I went through healing and re-injury stages three times on the left side and then a final injury stage on the right. At no time did physical therapy, steroid injections, or anti-inflammatories have any significant or lasting impact, the reason is simple. None of those things make the disc fragments go away. I will also warn you that the last injury time was the worst. I could barely use my right hand and the pain started from the time I woke to the time I went to bed time, every single day. Don't wait to that point if you can. There is an interesting philosophical debate that you will run into in the world, some doctors, family members and friends think that you should wait until you are practically paralyzed before having surgery. I think it is horseshit.

    I never saw a neurosurgeon until the final episode but I don't view all of the treatment prior to the neurosurgeons as a waste of time because it was a tremendous learning experience. Not only did I learn the anatomy, I learned that doctors only know their area of practice well and have a hard time seeing outside of it, you would be amazed how much miss-information is in popular society and the medical field itself. Inflammation and swelling is not the cause of all pain. The cost of that learning experience of course was time, money, pain, numbness and sometimes self-doubt. Maybe that one semester of medical school in the nineties paid off before I decided medicine wasn't for me and quit.

    Under no circumstances should you compare yourself to a back patient or compare yourself to people that have a herniation but no symptoms. In the case of a back patient surgery is an absolute last resort. The reason is that the success rate is low, meaning that the procedure either does not help at all or only marginally helps. It can also cause harm to the patient. The reason that you should not compare yourself to an asymptomatic person is that the disc is a sphere. It can tear anywhere on that sphere, you just happen to be someone unlucky enough to where it tore in a place such that the escaped material is either hitting a nerve coming out form the spinal cord, or in my case the spinal cord itself.

    So if you wait it out will you be able to forgo surgery? In my case the answer was no. But if you are 65 yrs. old and your discs are already aging and drying and you are not an active person you may not care.

    I would like to give you direct advice concerning your last paragraph. This advice isn't medical so we are okay, here goes: Save up about $250 cash. Then find a neurosurgeon that is not in your network and call them up. It might need to be a smaller place and not a large practice. Explain to them that you would like to pay them out of your own pocket for about forty-five minutes of their time to go over your case notes, your MRI, and the questions you have. Let them know up front that they will not be able to do the surgery because they are not in your insurance network.

    I am done writing for today,
  • The last Neurosurgeon eluded to the fact that if my issue was going to repair itself, it would have done so already. Which that makes sense to how you explained a protrusion. (This started for me in October).
    Anyway, it wasn't too much, you made complete sense. Until the very end, that is.
    I know what you're getting at. You want me to get a professionals opinion from someone who's not going to make a big buck off me. So, now I'm back in self doubt mode which is, is this because there's legitimate alternatives to surgery or so that I'd feel more confident in hearing surgery is inevitable?

    I agree that this is not comparable to a back patient. It frustrates me because family/friends who offer "help" make it out like I'm this lazy, complacent idiot who's foolishly following Dr's Iike they hold the Gospel truth. Truth is, I've seen my Dr, I've had a steroid shot, prednisone scrip, X-ray, EMG, MRI, Chiropractic work, one neurosurgeon and another at the end of the month. Meanwhile, I'very had to quit going to the gym and also carrying my baby. I take pain pills daily and the depression from chronic pain is lurking as I fight to keep it at bay. Sorry for the tangent, I just feel so lost & confused and I wish this would all go away. I'm scared but determined at the same time. I almost feel like my life is on hold or something, it's really weird.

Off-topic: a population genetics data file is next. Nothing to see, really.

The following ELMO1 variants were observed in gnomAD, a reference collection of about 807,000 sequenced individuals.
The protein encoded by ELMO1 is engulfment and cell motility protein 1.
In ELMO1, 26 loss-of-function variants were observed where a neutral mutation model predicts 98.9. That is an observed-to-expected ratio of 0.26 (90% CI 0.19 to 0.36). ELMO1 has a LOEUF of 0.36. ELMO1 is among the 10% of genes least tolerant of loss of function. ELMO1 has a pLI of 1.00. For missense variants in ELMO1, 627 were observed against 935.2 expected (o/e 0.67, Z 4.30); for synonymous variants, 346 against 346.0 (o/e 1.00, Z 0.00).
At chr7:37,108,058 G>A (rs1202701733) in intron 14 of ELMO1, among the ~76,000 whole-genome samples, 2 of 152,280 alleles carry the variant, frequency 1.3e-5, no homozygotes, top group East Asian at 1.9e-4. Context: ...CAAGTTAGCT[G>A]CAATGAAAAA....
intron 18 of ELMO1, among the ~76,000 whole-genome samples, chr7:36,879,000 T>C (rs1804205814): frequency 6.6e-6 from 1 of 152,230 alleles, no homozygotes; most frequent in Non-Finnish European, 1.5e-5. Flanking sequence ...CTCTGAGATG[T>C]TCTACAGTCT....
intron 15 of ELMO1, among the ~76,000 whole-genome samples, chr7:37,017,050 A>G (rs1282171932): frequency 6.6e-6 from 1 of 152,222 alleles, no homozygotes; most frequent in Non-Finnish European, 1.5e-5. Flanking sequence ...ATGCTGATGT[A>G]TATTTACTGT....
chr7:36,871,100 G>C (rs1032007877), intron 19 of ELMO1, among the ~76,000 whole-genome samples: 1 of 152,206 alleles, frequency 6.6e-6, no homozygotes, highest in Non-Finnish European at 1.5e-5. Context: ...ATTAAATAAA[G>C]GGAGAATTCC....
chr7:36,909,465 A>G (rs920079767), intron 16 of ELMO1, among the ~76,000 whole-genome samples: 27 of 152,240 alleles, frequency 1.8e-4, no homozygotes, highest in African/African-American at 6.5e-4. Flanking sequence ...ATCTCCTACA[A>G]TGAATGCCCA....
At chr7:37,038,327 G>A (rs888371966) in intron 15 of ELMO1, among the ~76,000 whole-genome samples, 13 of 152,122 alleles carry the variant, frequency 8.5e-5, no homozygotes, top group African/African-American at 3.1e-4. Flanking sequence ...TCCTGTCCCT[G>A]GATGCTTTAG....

How long since you've had your surgery?

    svbagley said:
    ,
    ACDF C6/C7 on 05/20/15
    ...and it was the best decision of my life :-)
  • I am sorry for putting you back in self-doubt. The reason that I was suggesting a third neurosurgeon was not to steer you away from surgery, it is that I think it will help you feel confident in your decision when you finally get around to making it.

    I suspect that decision will be surgery and you are going to need confidence to commit to it. It is also going to give you comfort as you approach the surgery date and when you encounter doctors or family members that advise against it. I suspect that the third neurosurgeon will confirm what the other neurosurgeon said. I would further bet that your disc is torn in addition to being protruded. Regardless touching the spinal cord is a significant.

    Your initial post seemed to be looking for a way out of surgery so I was trying to explain that yes in fact you can get to a point where you have little or no symptoms but you will have to go through a long period of hell to get there and it doesn't last even when you do. Medical research back that up also. I do not recommend what I did to anyone unless you love pain and numbness. In hindsight I think I was in denial that I had a neck issue.

    In one of you other posts you had some worries about the actual surgery. For that be sure to select a surgeon that you feel will do a good job in the actual surgery. You may need to do some research on that. The scar from the surgery is not bad. It is a fine line and people don’t notice it. I actually have to point it out to people that want to see it. The worst part of post-surgery is the swallowing and the self-doubt that returns because your symptoms don’t go away immediately. Nerve surgery is unlike other surgeries in that respect.

  • Did you find some days you felt cured then other days you were in agony again? Why is that? I've tried to identify what might lead to bad (and good) days but I've yet to find a link either way.

    And you know I think I'll always doubt my decision in trusting my research and professional recommendations due to always having those people who like to think they can live your life for you.

    .
    ACDF C6/C7 on 05/20/15
    ...and it was the best decision of my life :-)